Giovedì, 18 Ottobre 2018

Bonino says countries returning to death penalty a concern


Rome, July 26 - An increase in the number of
countries returning to the death penalty is a concern, said
Foreign Minister Emma Bonino Friday.
"Countries that were in a de facto moratorium (on the death
penalty) are resuming executions," Bonino said during a
presentation of research by the non-government organization
Hands Off Cain.
It found that while the numbers of executions are falling,
several countries that had stopped applying death sentences were
Last year, seven countries resumed executions with at least
one reported in Botswana, nine in Gambia, seven in Japan, one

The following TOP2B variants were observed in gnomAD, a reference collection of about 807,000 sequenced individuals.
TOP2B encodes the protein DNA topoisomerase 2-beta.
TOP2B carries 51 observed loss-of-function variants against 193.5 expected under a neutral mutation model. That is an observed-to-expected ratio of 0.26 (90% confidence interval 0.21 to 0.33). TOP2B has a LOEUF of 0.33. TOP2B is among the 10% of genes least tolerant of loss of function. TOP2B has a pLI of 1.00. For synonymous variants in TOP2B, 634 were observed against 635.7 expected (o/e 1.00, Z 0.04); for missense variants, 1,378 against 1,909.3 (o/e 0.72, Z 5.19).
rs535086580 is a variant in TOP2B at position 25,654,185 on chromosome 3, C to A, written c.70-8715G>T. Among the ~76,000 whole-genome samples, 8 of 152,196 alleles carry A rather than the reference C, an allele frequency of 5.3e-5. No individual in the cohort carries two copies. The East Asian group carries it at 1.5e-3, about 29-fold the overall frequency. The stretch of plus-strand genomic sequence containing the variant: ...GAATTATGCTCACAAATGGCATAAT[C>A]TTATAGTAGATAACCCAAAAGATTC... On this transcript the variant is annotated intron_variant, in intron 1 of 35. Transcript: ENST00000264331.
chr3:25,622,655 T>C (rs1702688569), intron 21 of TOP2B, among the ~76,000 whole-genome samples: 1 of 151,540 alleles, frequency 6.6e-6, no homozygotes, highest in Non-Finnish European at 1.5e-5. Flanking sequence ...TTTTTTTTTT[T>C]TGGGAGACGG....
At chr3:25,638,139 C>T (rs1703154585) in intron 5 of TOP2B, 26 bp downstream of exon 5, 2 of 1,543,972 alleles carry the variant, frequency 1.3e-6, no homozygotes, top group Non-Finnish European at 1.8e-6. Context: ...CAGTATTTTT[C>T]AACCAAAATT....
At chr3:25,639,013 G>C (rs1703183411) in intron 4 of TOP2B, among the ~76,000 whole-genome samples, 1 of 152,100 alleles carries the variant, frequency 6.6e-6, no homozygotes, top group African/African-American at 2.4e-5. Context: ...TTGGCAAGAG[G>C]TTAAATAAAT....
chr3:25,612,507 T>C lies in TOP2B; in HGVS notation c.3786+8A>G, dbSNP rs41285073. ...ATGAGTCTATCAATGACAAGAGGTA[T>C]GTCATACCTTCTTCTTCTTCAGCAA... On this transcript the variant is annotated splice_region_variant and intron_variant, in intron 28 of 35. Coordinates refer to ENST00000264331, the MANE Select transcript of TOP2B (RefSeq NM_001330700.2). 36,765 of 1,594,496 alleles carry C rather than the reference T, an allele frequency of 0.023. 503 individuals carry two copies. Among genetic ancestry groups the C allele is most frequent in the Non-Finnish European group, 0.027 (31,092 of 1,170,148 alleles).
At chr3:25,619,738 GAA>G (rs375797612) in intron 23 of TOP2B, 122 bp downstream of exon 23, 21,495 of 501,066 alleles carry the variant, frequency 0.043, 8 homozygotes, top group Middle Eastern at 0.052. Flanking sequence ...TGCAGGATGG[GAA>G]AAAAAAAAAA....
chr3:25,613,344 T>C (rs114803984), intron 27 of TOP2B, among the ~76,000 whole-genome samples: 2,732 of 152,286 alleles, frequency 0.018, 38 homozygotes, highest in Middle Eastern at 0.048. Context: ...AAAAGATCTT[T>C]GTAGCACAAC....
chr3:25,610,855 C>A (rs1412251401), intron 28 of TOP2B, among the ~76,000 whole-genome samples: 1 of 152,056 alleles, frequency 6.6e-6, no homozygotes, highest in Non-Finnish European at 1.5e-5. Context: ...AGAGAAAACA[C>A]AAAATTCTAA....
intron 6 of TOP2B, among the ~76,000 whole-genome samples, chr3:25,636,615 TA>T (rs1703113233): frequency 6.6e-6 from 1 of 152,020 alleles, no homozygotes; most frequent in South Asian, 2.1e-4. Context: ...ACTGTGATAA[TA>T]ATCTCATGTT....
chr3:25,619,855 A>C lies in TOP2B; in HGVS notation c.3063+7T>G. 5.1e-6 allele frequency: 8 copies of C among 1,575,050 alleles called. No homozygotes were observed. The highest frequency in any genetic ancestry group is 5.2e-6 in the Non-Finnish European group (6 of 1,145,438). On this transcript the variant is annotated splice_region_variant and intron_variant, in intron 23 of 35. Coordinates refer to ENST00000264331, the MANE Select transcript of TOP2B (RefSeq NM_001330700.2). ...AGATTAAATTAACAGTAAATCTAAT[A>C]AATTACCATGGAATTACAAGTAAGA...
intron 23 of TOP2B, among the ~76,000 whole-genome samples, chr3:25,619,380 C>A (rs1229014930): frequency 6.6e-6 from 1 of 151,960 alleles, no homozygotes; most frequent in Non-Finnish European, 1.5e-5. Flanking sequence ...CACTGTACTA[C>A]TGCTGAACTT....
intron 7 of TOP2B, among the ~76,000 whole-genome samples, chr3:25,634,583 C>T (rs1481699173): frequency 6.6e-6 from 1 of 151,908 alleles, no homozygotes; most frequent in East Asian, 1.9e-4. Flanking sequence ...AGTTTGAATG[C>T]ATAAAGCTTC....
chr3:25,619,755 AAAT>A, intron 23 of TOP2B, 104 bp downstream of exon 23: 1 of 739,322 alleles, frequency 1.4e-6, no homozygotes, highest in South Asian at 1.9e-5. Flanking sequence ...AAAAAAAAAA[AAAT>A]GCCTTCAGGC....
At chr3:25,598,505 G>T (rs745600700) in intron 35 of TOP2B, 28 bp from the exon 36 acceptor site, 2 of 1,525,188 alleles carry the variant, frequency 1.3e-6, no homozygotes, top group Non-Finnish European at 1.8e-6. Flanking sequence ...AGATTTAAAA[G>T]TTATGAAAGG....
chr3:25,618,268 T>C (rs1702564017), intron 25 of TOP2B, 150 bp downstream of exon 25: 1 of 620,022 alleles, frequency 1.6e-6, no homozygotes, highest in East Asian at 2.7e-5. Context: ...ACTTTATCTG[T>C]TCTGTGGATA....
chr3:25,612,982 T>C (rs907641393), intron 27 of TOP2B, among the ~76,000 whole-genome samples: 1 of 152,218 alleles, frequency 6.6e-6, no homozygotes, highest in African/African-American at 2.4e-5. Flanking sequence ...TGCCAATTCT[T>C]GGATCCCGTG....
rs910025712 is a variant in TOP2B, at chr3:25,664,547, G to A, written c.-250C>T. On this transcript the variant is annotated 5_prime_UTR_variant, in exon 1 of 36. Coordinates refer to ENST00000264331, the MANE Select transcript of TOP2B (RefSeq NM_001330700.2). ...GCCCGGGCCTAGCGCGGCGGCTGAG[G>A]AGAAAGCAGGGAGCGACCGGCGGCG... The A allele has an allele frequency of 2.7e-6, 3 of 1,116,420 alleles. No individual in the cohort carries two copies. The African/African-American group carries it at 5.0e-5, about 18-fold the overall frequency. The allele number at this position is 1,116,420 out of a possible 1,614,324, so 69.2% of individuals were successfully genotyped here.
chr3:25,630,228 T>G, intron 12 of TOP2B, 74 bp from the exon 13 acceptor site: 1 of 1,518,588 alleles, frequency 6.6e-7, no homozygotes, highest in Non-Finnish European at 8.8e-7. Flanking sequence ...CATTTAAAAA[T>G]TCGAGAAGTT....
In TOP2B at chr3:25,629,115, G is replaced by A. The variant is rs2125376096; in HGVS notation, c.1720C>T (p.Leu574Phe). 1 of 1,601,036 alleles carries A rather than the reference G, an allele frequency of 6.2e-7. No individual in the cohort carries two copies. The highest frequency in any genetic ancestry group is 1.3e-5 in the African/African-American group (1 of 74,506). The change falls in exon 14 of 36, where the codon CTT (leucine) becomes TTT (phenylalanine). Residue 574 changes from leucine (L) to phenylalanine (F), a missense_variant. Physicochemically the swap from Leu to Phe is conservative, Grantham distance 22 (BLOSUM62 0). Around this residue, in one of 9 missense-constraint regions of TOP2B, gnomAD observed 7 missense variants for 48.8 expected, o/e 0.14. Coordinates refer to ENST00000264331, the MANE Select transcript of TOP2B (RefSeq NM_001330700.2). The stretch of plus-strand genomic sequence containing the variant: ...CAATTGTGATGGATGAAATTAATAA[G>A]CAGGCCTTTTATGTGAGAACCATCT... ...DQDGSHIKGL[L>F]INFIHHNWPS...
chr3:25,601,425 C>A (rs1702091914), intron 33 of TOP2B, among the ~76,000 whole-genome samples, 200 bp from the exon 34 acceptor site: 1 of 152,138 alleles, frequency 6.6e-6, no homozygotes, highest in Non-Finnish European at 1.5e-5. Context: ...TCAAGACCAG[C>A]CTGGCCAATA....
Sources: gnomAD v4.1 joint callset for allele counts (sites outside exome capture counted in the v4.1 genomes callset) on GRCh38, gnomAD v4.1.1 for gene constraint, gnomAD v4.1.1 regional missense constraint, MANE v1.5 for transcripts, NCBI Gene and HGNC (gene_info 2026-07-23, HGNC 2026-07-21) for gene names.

each in India and Pakistan.
Bonino appealed for a renewed effort to abolish executions
as the data showed that in 2012, almost 4,000 officially
recorded executions were conducted.
China led the way by carrying out about 3,000 of those,
which is believed to be a reduction of about 25% from the
previous year.
Iran placed second with 580 executions in 2012, followed by
Iraq at 129 and Saudi Arabia with 84.
The NGO says it hopes that a positive trend is developing
towards the abolition of the death penalty in the world, noting
that the raw numbers of executions have been dropping.
Compared with the almost 4,000 in 2012, there were 5,004 in
2011, at least 5,946 in 2010 and at least 5,741 in 2009, the
agency said.
Italian President Giorgio Napolitano praised the
organization for its "tenacity" in tracking executions and
repeated Italy's opposition to the death penalty.
"Italy is a staunch supporter of human rights and civil
liberties. Our opposition to the death penalty stems from a
solid and ancient belief in the inviolability of the person," he
said in a statement.

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